The relationship between water activity and moisture content at a given temperature is called the moisture sorption isotherm. This relationship is complex and unique for each product due to different interactions (colligative, capillary, and surface effects) between the water and the solid components at different moisture contents. An increase in aw is almost always accompanied by an increase in the water content, but in a nonlinear fashion. Moisture sorption isotherms are sigmoidal in shape for most foods, although foods that contain large amounts of sugar or small soluble molecules have a J-type isotherm curve shape. There is a difference (called hysteresis) in the adsorption (wetting) and desorption (drying) isotherm curves.
Decagon is pleased to announce the development of an automatic moisture isotherm generator. It will be available for a much lower price than currently available isotherm instruments. The user will place their sample into the isotherm chamber, set test parameters, and then walk away. In one to three days, a complete isotherm curve (both adsorption and desorption) will be generated. It will be possible to choose from several isotherm equations to characterize the isotherm graph. The isotherm coefficients will be displayed on the screen and transferable to an additional application software package. This instrument will facilitate sorption isotherm development for any company that would like to better understand the water in their product.
Moisture sorption isotherms provide valuable information to a company. For anyone who dries or wets their product, the sorption isotherm serves as a drying and wetting curve. It shows the water activity of a product when wetted and dried to a specific moisture content. For anyone who still relies on a moisture content specification instead of a water activity specification, the sorption isotherm will clearly illustrate the potential problems that can occur when you wet to a moisture content vs. dry to a moisture content. The moisture content associated with a safe water activity on the drying curve will not be associated with the same water activity on the wetting curve due to hysteresis. If the production technician controlling drying of a product over-dries beyond the specified moisture content and decides to re-wet the product back to the moisture content specification, the results could be disastrous. The product's response to moisture is no longer following the drying curve, but has switched to the wetting curve. The moisture content specification may correspond to a safe water activity on the drying curve, but on the wetting curve, the moisture content may be related to a very unsafe water activity level.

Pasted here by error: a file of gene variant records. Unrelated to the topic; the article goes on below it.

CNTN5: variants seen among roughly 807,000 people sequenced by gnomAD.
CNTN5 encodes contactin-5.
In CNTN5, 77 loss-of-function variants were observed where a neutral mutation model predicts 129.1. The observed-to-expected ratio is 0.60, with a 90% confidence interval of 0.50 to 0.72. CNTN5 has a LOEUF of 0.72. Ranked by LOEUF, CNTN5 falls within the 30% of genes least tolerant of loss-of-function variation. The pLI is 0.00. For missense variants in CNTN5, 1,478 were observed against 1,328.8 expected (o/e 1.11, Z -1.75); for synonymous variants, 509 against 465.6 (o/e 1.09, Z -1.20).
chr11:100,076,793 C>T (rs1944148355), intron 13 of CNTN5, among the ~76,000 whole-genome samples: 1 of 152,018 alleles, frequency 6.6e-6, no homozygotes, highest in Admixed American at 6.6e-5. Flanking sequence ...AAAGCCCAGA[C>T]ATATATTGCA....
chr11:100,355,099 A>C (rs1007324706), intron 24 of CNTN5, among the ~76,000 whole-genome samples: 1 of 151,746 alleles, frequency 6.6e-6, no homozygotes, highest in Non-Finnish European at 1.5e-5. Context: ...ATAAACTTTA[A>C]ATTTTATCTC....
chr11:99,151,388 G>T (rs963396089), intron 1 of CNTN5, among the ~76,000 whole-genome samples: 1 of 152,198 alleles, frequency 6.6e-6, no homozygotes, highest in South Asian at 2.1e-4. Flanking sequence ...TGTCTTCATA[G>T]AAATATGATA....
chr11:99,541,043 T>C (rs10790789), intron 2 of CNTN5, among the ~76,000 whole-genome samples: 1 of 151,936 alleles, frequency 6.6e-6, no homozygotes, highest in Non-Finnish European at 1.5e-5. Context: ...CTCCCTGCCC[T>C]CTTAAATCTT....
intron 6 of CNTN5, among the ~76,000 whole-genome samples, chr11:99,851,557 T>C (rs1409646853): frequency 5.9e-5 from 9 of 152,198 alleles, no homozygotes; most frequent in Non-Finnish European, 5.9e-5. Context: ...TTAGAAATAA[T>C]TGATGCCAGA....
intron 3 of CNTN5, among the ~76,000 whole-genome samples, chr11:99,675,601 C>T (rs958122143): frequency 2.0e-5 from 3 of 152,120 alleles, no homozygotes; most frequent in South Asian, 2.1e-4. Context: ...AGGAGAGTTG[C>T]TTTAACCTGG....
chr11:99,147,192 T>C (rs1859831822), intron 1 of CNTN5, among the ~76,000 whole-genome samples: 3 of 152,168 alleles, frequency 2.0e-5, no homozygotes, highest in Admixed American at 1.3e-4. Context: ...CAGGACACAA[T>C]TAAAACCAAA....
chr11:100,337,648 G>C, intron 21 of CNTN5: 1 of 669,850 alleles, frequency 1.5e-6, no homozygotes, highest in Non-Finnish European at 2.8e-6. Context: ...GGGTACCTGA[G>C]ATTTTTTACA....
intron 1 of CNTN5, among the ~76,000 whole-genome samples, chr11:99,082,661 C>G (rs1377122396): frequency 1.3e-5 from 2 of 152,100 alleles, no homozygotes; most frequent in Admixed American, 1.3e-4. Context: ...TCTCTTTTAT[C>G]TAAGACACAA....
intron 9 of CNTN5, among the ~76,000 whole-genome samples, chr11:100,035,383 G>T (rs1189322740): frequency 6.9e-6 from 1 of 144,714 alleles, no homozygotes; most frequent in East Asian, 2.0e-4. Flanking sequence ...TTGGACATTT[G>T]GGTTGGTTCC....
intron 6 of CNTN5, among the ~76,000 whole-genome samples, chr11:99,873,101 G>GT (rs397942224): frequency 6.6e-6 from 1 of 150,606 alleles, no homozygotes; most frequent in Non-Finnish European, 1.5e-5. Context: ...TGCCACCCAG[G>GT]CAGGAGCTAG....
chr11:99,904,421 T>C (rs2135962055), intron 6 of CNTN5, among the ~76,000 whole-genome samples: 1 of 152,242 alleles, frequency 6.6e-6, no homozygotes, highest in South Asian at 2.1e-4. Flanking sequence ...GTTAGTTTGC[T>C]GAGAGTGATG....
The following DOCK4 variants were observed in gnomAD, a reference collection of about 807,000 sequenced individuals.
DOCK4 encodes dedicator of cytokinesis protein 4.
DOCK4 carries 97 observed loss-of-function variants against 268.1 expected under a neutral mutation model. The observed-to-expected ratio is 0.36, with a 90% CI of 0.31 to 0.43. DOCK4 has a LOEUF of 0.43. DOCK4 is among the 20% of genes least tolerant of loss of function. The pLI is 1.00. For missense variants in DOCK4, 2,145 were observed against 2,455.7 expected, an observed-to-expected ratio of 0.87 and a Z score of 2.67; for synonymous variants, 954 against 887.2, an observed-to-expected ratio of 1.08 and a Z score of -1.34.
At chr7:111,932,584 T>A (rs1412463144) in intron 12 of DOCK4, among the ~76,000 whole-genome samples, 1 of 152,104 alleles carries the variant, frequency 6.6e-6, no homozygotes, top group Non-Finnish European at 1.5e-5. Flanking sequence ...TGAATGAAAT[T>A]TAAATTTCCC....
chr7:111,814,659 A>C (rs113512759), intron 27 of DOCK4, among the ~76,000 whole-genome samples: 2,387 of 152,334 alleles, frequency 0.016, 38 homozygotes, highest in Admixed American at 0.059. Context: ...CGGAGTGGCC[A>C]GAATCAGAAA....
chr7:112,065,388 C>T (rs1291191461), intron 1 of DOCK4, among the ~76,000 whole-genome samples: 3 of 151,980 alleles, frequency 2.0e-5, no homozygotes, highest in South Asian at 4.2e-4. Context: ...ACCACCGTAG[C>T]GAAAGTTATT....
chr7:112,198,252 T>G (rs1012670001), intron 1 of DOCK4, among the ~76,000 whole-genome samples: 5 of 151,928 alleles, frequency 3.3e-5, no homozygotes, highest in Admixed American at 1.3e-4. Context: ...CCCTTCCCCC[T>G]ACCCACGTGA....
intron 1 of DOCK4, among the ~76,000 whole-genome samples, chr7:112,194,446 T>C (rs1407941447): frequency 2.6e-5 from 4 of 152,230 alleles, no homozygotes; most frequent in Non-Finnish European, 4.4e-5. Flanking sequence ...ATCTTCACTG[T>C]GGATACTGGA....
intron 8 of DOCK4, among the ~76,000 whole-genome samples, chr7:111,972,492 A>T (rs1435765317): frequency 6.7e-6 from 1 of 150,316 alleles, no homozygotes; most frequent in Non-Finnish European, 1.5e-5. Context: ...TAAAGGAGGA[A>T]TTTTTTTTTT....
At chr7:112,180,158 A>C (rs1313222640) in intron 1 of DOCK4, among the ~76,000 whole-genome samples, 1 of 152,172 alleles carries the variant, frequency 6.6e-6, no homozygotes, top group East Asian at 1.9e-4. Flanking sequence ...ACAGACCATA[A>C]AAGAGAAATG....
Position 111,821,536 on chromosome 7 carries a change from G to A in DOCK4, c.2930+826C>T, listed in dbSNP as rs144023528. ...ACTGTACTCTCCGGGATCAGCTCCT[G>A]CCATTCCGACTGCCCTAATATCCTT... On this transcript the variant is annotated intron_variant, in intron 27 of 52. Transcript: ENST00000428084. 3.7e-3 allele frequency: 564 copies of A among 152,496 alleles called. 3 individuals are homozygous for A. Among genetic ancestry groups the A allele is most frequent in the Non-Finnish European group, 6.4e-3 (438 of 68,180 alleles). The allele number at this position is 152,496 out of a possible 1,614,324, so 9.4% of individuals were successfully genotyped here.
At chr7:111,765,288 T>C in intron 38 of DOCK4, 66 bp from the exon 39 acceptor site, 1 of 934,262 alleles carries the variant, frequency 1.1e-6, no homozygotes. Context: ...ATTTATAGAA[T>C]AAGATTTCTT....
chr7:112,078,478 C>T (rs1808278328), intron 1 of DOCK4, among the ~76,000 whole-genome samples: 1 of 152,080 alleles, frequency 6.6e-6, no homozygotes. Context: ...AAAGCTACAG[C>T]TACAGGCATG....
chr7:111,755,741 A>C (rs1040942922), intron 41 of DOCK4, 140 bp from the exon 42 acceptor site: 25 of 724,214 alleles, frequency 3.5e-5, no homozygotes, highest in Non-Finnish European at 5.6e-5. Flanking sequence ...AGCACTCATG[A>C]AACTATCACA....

An additional function of the isotherm is moisture content prediction. Although water activity is a much better predictor of safety and quality than moisture content, there are times when it is necessary to know both water activity and moisture content. Moisture content measurements can be inaccurate, time-consuming, and require a precision balance. Thankfully, the sorption isotherm can be used to predict moisture content based on water activity, usually with better accuracy than actually running a moisture content analysis and in much less time. Thus, you will have the complete water picture for your product in less than 5 minutes.
Isotherms are very valuable for formulation and product development. By comparing the isotherms of different formulations, it is possible to determine if a product can be adjusted to allow higher moisture content at a given water activity or a lower water activity at a given moisture content. The result can be a moister product that is still shelf stable. For those producing multi-component products, it is possible using the isotherms of the two components to determine what the final water activity will be of the mixture without actually making the product. For dried products, the isotherm will predict the moisture content of the product when it is dried to a shelf stable water activity level.
Finally, sorption isotherms are valuable for shelf life prediction. A product's isotherm can be used to determine package requirements depending on the products sensitivity to moisture gain or loss. Products with a crystalline type isotherm will be less susceptible to caking than products with an amorphous type isotherm. However, the water activity of a crystalline material will increase very quickly until the saturation point is reached-as evidenced by the isotherm. Temperature can also impact shelf life; sorption isotherms conducted at different temperatures help determine the impact of temperature abuse on moisture content and water activity.
Isotherms are very valuable to anyone concerned with product quality and safety. With the release of Decagon's affordable isotherm generator, it will be possible for many more companies to begin developing sotherms for their products. For more information about isotherms and isotherm generation, contact any of Decagon's Application Engineers.